There are many things an individual can do to improve their bone health right from childhood to old age1. These include exercise, good lifestyle habits and eating a diet rich in vitamins and minerals2. Of these, 2 nutrients in particular are important for building strong bones and they are Calcium and Vitamin D3. No wonder Calcium and Vitamin D3 is recommended as the first line of therapy in the prevention and treatment of osteoporosis and osteoporosis-related fractures4. This article will explore how Calcium and Vitamin D3 helps with bone health.
Some interesting facts about Calcium:
Here are some interesting bone facts you need to know:
Fact 1: Calcium helps build bones. 99% of the body’s Calcium is present in the bones5
Calcium is essential for strong bones. Calcium from food is absorbed in our small intestine and deposited in the bones5. Eating Calcium-rich foods = more Calcium for absorption and utilization = strong bones.
Fact 2: Calcium is required for important life activities involving hormones, nerves, muscles and heart3,5
Apart from building strong bones, Calcium has other roles in the body too. Calcium is required for the heart to function well, muscles control, and for nerve conduction. Calcium is also required for our blood to clot normally3,5. These are very important and critical functions in our body6. Hence, eating Calcium-rich food is important.
Fact 3: When you eat foods low in Calcium, Calcium from the bones are leeched to make up for the deficit 6,7
Our bones are a reservoir of Calcium in the body6. When our dietary intake of Calcium is low, the deficit is made up by leeching it from the bones. Overtime, this makes our bones fragile and weak and might lead to osteoporosis (where the bones can easily break)7.
Did you know? Calcium is not made in the body. It must be absorbed through the food we eat
Some interesting facts about vitamin D3:
Here are some interesting bone facts you need to know:
Fact 1: Calcium alone is of little use. Vitamin D3 helps in the absorption of Calcium
Weight loss and weight fluctuations throughout life seems to have an impact on the bone too. Among pre-menopausal women; quick and drastic weight loss within 3-4 months might cause bone loss. Instead, a moderate weight loss over 6 months shows little to no bone loss in premenopausal women3.
Fact 2: Lack of Vitamin D3 can also weaken bones
Predominant vegetarian diets, low milk consumption and lack of sun exposure can lead to low Calcium and Vitamin D3 levels3. Prolonged low intake of both these bone nutrients might make you prone to bone loss.
Fact 3: Children with poor Vitamin D3 diets have weak bones, which results in a change in bone shape and deformities
Childhood and adolescence are crucial phases for building strong bones. What happens if there is low vitamin D intake during these phases? The bones become weak and break easily; they bend or develop other deformities.8
Osteoporosis is a slowly developing bone disease that seriously affects the quality of life in middle-aged and elderly individuals2. A lifetime low intake of Calcium and Vitamin D3 can make you prone to having fragile bones. Considering the important role of Calcium and Vitamin D3 in bone health, it is important to get these nutrients from the diet or consume supplements of Calcium and Vitamin D3 2,4. But remember, having a balanced diet replete in these nutrients for bone health is only one part of osteoporosis prevention. Good lifestyle habits and adequate physical activity additionally can ensure bone health is maintained.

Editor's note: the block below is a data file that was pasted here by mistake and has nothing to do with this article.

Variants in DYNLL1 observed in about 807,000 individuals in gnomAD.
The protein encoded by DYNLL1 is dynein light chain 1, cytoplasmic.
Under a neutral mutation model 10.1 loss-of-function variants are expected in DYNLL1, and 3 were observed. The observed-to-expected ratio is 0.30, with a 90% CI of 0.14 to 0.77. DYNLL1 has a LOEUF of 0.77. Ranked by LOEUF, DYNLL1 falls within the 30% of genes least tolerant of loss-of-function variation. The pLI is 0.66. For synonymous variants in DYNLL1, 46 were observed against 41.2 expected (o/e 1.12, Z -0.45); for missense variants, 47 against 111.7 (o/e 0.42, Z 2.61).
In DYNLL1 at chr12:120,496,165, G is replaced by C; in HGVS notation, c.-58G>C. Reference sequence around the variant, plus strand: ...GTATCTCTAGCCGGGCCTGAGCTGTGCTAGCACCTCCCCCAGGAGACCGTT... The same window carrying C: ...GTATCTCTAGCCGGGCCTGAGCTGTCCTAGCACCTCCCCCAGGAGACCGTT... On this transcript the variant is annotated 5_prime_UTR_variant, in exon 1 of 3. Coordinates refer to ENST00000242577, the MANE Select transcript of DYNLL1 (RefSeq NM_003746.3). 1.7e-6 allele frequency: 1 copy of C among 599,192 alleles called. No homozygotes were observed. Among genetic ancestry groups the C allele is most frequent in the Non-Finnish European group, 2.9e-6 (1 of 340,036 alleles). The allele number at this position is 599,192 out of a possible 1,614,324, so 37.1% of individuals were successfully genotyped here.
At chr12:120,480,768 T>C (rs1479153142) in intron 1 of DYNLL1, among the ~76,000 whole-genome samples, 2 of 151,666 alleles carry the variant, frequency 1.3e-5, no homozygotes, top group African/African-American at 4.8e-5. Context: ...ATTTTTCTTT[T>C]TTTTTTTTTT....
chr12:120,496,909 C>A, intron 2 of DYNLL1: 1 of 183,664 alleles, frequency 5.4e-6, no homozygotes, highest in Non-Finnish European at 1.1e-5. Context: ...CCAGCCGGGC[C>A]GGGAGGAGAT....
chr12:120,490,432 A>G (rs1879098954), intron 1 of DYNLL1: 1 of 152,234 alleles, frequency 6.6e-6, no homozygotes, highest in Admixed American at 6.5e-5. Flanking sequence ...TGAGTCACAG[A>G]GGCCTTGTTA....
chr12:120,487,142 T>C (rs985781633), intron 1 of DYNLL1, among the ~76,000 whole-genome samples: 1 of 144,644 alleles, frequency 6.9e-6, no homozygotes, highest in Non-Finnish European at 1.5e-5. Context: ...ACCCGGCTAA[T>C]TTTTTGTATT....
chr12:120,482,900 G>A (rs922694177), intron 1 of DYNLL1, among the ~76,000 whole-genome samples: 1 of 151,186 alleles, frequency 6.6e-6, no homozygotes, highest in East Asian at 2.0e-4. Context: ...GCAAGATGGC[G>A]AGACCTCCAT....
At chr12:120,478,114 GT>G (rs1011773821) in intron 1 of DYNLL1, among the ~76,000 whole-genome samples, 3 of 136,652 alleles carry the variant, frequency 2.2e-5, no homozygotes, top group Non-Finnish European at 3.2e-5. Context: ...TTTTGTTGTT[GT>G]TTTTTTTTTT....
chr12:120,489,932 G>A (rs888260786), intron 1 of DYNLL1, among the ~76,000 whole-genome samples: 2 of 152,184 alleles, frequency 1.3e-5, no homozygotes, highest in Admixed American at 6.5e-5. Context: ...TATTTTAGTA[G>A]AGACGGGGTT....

1. Office of the surgeon general (US). Bone health and osteoporosis: A report of the surgeon general. Rockville (MD): office of the surgeon general (US); 2004. 7, lifestyle approaches to promote bone health. Available from: https:/www.Ncbi.Nlm.Nih.Gov/books/NBK45523/
2. National institute of arthritis and musculoskeletal and skin diseases. Bone Health for Life: Health Information Basics for You and Your Family. Available from: https:/www.bones.nih.gov/health-info/bone/bone-health/bone-health-life-health-information-basics-you-andyour-family. Accessed on: 20 august 2020.
3. National institute of arthritis and musculoskeletal and skin diseases. Calcium and Vitamin D3: Important at Every Age. Available from: https:/www.bones.nih.gov/health-info/bone/bone-health/nutrition/calcium-and-vitamin-d-important-every-age. Accessed on: 20 august 2020.
4. Gielen E, Boonen S, Vanderschueren D, et al. Calcium and VitaminD3 supplementation in men. J osteoporos. 2011;2011:875249. Doi: 10.4061/2011/875249
5. Li K, Wang XF, Li DY, et al. The Good, The Bad, And The Ugly Of Calcium Supplementation: A Review Of Calcium Intake On Human Health. Clin Interv Aging. 2018;13:2443–2452.
6. Institute of Medicine (US) Committee to Review Dietary Reference Intakes for Vitamin D3 and Calcium; Ross AC, Taylor CL, Yaktine AL, et al., editors. Dietary Reference Intakes for Calcium and Vitamin D3 . Washington (DC): National Academies Press (US); 2011. 2, Overview of Calcium. Available from: https:/www.ncbi.nlm.nih.gov/books/NBK56060/
7. American Academy of Orthopedic Surgeons. Calcium, Nutrition, and Bone Health. Available from: https:/orthoinfo.aaos.org/en/stayinghealthy/calcium-nutrition-and-bone-health/. Accessed on: 21 July 2020
8. Office of the Surgeon General (US). Bone Health and Osteoporosis: A Report of the Surgeon General. Rockville (MD): Office of the Surgeon General (US); 2004. 2, The Basics of Bone in Health and Disease. Available from: https:/www.ncbi.nlm.nih.gov/books/NBK45504/ . Accessed on: 21 July 2020.
9. National institute of arthritis and musculoskeletal and skin diseases. Osteoporosis Overview. Available from: https:/www.bones.nih.gov/ health-info/bone/osteoporosis/overview. Accessed on: 21 July 2020